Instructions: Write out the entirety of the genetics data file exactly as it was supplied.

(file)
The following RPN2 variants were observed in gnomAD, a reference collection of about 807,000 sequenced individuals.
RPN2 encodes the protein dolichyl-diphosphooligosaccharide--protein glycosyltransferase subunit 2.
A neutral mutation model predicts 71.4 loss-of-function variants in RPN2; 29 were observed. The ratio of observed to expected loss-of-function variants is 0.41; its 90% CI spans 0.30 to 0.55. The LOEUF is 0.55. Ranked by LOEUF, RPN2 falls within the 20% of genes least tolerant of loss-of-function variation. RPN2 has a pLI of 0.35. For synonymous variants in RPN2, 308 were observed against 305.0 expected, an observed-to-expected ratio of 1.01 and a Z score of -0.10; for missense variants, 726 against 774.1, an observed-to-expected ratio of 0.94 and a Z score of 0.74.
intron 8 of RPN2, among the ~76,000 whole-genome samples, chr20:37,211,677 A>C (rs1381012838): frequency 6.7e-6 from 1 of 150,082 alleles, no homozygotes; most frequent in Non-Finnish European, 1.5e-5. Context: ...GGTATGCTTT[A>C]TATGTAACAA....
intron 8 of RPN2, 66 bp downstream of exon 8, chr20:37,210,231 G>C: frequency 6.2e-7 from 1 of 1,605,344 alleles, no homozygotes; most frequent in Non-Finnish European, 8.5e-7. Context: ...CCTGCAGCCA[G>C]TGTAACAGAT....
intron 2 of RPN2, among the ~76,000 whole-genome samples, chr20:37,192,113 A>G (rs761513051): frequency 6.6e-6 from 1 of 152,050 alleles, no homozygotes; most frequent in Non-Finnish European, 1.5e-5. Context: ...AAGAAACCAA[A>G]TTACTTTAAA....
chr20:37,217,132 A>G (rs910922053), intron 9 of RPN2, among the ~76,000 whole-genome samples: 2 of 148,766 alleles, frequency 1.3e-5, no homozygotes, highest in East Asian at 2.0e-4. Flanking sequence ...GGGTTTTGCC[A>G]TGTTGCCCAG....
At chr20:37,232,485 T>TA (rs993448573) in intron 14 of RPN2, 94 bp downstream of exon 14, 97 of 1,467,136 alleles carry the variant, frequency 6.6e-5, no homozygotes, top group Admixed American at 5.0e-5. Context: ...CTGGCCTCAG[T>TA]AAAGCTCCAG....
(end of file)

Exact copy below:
The following RPN2 variants were observed in gnomAD, a reference collection of about 807,000 sequenced individuals.
RPN2 encodes the protein dolichyl-diphosphooligosaccharide--protein glycosyltransferase subunit 2.
A neutral mutation model predicts 71.4 loss-of-function variants in RPN2; 29 were observed. The ratio of observed to expected loss-of-function variants is 0.41; its 90% CI spans 0.30 to 0.55. The LOEUF is 0.55. Ranked by LOEUF, RPN2 falls within the 20% of genes least tolerant of loss-of-function variation. RPN2 has a pLI of 0.35. For synonymous variants in RPN2, 308 were observed against 305.0 expected, an observed-to-expected ratio of 1.01 and a Z score of -0.10; for missense variants, 726 against 774.1, an observed-to-expected ratio of 0.94 and a Z score of 0.74.
intron 8 of RPN2, among the ~76,000 whole-genome samples, chr20:37,211,677 A>C (rs1381012838): frequency 6.7e-6 from 1 of 150,082 alleles, no homozygotes; most frequent in Non-Finnish European, 1.5e-5. Context: ...GGTATGCTTT[A>C]TATGTAACAA....
intron 8 of RPN2, 66 bp downstream of exon 8, chr20:37,210,231 G>C: frequency 6.2e-7 from 1 of 1,605,344 alleles, no homozygotes; most frequent in Non-Finnish European, 8.5e-7. Context: ...CCTGCAGCCA[G>C]TGTAACAGAT....
intron 2 of RPN2, among the ~76,000 whole-genome samples, chr20:37,192,113 A>G (rs761513051): frequency 6.6e-6 from 1 of 152,050 alleles, no homozygotes; most frequent in Non-Finnish European, 1.5e-5. Context: ...AAGAAACCAA[A>G]TTACTTTAAA....
chr20:37,217,132 A>G (rs910922053), intron 9 of RPN2, among the ~76,000 whole-genome samples: 2 of 148,766 alleles, frequency 1.3e-5, no homozygotes, highest in East Asian at 2.0e-4. Flanking sequence ...GGGTTTTGCC[A>G]TGTTGCCCAG....
At chr20:37,232,485 T>TA (rs993448573) in intron 14 of RPN2, 94 bp downstream of exon 14, 97 of 1,467,136 alleles carry the variant, frequency 6.6e-5, no homozygotes, top group Admixed American at 5.0e-5. Context: ...CTGGCCTCAG[T>TA]AAAGCTCCAG....